Neighbors of a Rocky Hill apartment complex told Eyewitness News that they have been dealing with issues with mold for more than a year and has children in the building to get sick.
The residents contacted Eyewitness News because they wanted the management at the Greenfield Village Apartments to be held accountable.
Kirsten Matias said her apartment unit has been plagued by mold and it sticks to the paint so badly, parts of the wall had to be cut out.
"It was growing under our baby's crib," she said. "It was in the corner, it was everywhere."
Matias said the problem stems from the windows.
"It's always leaking," she said.
Residents and the property management have been fighting for the last few months and the solution was to bleach the mold out. However, Eyewitness News visited the apartment complex and could see mold already starting to come back, just after two days.
"We're not going to stay in these conditions. We are not going to subject our kids to this any further," Matias said. "It's just not healthy."
With her younger son being consistently on antibiotics, Matias said she is moving to Bristol and breaking her lease with only two months left on it.
"What happens to the tenants that come after us," Matias said. "They're going to patch these holes up, put some paint on and re-rent it for $1,200 a month."
Director of Health for Central Connecticut Health District Paul Hutcheon said if the apartment fails inspection, they won't allow that to happen.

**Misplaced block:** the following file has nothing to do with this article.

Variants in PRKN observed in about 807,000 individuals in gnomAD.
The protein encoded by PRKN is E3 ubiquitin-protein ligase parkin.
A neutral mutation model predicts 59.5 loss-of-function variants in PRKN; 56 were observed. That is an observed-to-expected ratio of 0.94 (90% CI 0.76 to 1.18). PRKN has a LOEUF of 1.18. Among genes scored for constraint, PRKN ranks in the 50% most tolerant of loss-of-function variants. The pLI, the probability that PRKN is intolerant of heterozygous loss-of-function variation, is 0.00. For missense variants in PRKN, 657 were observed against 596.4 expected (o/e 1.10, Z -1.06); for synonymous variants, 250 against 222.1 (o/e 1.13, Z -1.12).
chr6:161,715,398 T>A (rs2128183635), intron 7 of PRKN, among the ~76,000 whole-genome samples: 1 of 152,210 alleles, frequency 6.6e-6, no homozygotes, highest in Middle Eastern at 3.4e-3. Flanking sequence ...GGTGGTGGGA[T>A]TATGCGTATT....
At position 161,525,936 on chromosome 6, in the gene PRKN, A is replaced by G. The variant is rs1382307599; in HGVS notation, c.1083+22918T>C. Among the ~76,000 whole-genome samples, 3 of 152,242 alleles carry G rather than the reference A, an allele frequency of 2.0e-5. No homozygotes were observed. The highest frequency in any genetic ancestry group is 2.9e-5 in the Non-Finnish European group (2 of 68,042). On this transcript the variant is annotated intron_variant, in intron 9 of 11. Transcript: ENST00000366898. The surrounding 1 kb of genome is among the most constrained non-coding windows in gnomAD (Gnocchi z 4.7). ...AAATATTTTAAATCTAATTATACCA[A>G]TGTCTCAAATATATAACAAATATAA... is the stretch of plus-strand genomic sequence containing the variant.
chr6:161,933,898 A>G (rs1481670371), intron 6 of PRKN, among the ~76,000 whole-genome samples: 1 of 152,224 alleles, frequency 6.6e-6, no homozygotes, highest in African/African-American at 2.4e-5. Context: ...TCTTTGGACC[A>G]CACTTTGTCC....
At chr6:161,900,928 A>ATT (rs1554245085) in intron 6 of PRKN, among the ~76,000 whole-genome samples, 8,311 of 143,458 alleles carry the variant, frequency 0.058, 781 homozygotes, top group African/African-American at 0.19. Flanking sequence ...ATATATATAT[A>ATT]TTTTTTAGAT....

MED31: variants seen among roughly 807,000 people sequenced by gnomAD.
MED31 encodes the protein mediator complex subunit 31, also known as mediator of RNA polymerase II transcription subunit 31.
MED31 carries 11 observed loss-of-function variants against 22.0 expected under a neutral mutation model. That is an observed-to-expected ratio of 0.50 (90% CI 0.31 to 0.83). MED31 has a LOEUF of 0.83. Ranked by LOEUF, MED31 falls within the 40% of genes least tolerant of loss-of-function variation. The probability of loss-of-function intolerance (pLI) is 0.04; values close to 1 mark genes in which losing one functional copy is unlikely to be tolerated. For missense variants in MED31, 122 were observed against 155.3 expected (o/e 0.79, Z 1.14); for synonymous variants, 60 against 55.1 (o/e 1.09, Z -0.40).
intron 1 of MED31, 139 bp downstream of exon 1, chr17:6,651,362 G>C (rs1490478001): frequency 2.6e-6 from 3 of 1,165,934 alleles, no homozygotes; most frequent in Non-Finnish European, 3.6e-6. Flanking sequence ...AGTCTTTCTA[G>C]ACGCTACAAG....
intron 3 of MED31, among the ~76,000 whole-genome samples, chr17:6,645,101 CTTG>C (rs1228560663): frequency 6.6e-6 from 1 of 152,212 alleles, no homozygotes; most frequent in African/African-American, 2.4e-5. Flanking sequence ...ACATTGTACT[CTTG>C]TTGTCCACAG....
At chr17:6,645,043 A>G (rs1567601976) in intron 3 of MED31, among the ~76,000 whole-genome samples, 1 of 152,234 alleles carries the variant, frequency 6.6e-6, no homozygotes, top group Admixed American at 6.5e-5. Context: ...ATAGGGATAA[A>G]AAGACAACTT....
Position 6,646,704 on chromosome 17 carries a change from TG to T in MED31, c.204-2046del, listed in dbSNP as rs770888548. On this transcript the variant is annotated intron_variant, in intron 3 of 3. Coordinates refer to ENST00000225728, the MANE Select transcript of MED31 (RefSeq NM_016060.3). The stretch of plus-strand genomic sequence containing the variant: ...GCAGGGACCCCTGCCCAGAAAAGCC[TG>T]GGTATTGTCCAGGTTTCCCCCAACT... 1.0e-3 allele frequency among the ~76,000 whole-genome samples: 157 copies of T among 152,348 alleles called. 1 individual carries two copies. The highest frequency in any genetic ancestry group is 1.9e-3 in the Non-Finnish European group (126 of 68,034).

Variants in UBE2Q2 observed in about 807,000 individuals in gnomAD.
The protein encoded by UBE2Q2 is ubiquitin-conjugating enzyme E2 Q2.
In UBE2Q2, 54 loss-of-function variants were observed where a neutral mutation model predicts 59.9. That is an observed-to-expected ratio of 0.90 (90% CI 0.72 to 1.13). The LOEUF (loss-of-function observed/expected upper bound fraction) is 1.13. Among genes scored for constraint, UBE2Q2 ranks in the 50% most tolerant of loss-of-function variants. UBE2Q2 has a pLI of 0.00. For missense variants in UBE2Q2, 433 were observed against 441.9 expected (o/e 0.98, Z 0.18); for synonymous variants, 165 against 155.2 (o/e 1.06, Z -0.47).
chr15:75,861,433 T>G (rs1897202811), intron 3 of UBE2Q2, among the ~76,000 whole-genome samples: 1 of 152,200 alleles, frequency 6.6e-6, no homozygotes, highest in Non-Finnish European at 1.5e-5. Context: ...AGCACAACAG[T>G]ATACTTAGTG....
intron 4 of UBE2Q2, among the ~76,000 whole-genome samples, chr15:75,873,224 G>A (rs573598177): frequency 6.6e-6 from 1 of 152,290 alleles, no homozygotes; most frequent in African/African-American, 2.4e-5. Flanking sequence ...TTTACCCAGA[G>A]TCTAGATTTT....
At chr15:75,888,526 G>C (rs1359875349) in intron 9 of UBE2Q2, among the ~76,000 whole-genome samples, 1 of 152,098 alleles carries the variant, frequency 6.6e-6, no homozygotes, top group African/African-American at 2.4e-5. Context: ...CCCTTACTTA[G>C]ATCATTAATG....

"The apartment may be vacant, but it wouldn't be allowed to be re-rented until the corrections are made," he said.
Eyewitness News talked to the management at Greenfield Village Apartments, but they referred the television station to its parent company in Illinois.
"We have a process to remediate mold," the company said in a statement to Eyewitness News Monday. "In this case, some windows have already been replaced and others will be replaced."
Officials at the Central Connecticut Health District have started investigating the problem at the Greenfield Village Apartments.
Since the apartment in question is on the top floor, officials at the Central Connecticut Health District were looking at units on the ground level. They were worried the mold may be spreading.
If it is, the entire building might need to be repaired.
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